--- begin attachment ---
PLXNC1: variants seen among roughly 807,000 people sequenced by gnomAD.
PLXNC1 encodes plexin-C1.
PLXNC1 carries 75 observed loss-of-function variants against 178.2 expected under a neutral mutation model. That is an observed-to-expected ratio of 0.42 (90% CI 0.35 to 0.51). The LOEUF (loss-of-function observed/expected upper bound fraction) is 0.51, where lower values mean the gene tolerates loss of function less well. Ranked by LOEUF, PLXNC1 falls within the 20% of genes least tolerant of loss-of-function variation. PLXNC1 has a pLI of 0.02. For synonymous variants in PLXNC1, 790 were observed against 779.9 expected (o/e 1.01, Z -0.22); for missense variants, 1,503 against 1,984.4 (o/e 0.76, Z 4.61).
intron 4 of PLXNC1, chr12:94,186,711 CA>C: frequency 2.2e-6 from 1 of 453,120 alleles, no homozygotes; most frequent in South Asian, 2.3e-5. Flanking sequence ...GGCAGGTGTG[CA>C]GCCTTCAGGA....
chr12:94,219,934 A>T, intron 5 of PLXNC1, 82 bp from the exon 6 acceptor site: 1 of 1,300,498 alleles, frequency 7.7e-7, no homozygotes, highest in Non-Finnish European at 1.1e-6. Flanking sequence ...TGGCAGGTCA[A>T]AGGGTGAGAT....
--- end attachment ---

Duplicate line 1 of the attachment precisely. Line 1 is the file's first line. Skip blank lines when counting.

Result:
PLXNC1: variants seen among roughly 807,000 people sequenced by gnomAD.